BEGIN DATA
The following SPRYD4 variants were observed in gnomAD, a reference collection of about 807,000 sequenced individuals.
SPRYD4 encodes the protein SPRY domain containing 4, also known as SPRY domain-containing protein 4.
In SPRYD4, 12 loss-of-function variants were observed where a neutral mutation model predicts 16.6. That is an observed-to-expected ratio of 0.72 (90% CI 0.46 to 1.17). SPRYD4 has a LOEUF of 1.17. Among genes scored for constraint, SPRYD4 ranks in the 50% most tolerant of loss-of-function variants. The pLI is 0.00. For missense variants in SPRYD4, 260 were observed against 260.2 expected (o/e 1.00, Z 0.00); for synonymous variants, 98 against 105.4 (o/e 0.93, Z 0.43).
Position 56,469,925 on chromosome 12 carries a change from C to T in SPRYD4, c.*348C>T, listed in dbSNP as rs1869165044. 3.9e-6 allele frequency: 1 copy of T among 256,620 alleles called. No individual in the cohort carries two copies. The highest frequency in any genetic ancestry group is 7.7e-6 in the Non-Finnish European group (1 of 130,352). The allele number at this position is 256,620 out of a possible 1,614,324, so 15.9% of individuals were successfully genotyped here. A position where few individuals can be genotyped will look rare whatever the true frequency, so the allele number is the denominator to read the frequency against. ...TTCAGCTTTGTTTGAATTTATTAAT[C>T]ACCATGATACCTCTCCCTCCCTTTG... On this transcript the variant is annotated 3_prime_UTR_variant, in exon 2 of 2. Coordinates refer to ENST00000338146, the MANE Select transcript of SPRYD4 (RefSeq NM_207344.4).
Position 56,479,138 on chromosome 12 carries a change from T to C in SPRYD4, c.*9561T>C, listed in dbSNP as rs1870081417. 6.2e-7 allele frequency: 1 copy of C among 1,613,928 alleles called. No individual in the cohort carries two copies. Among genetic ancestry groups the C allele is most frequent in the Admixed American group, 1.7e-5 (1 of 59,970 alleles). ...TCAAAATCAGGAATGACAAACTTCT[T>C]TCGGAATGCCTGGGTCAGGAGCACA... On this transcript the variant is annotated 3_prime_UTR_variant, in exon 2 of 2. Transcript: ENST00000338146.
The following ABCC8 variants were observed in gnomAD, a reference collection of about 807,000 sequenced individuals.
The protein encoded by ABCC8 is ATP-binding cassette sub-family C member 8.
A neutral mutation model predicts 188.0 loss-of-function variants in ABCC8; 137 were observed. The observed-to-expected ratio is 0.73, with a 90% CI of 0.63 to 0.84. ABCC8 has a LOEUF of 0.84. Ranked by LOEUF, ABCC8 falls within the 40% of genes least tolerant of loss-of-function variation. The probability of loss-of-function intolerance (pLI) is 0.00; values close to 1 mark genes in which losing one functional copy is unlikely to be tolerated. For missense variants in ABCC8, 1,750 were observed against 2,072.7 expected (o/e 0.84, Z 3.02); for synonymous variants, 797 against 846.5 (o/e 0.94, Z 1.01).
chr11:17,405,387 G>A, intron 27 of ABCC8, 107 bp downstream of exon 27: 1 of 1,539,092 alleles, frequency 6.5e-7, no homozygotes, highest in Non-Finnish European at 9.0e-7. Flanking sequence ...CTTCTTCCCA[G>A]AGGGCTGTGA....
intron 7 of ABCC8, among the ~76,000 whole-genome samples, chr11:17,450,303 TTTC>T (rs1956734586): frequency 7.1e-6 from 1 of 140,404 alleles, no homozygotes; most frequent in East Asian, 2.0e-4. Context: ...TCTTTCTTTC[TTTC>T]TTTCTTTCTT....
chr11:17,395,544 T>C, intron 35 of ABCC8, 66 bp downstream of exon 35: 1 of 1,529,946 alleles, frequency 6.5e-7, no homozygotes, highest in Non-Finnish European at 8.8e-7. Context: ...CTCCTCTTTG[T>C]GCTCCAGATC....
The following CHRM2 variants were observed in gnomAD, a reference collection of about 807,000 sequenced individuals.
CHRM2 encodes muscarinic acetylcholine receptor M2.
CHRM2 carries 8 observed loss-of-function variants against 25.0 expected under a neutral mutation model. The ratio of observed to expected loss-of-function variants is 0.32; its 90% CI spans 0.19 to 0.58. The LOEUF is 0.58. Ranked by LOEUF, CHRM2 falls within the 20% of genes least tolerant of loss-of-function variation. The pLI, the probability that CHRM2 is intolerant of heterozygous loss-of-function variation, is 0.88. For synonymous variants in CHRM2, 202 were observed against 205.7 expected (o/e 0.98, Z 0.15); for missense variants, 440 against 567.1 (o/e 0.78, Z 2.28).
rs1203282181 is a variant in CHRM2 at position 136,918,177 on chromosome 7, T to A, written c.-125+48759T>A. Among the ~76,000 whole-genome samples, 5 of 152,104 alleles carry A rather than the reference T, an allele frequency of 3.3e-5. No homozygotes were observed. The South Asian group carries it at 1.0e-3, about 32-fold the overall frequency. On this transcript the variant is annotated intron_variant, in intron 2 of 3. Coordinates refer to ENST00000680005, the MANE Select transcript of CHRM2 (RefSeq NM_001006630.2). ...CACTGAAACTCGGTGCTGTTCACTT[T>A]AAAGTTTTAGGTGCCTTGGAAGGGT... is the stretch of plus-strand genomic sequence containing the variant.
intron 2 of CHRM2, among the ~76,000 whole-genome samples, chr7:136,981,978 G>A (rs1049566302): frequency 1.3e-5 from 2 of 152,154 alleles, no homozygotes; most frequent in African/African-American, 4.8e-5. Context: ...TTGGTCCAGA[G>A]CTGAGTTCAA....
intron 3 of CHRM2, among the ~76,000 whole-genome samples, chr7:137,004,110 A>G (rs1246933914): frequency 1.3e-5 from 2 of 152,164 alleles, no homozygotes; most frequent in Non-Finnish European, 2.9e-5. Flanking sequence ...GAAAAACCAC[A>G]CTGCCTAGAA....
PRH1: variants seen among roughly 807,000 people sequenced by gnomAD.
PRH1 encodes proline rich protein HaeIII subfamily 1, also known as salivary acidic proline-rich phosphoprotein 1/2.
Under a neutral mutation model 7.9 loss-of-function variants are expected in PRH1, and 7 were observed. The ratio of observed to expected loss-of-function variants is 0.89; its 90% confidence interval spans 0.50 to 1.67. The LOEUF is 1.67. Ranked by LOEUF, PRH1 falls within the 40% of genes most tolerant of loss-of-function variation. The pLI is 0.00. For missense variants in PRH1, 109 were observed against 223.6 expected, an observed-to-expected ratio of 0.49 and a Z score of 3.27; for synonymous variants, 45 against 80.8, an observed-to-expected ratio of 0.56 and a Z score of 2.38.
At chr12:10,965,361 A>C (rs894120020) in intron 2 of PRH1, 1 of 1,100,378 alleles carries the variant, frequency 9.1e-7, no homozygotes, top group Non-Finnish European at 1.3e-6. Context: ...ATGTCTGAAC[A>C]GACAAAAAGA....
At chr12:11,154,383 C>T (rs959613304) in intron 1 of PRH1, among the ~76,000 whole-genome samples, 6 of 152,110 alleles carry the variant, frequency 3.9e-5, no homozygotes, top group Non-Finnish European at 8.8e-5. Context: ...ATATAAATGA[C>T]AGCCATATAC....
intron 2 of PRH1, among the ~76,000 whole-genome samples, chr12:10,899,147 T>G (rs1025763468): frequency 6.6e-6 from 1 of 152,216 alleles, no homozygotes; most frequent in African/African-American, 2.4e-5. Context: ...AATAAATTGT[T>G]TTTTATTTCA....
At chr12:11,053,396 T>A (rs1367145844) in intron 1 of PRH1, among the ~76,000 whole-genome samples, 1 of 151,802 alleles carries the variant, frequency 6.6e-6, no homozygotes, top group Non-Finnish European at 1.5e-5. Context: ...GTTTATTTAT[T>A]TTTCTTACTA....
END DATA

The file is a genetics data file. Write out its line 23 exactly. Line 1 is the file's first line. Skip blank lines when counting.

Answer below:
intron 2 of PRH1, among the ~76,000 whole-genome samples, chr12:10,899,147 T>G (rs1025763468): frequency 6.6e-6 from 1 of 152,216 alleles, no homozygotes; most frequent in African/African-American, 2.4e-5. Context: ...AATAAATTGT[T>G]TTTTATTTCA....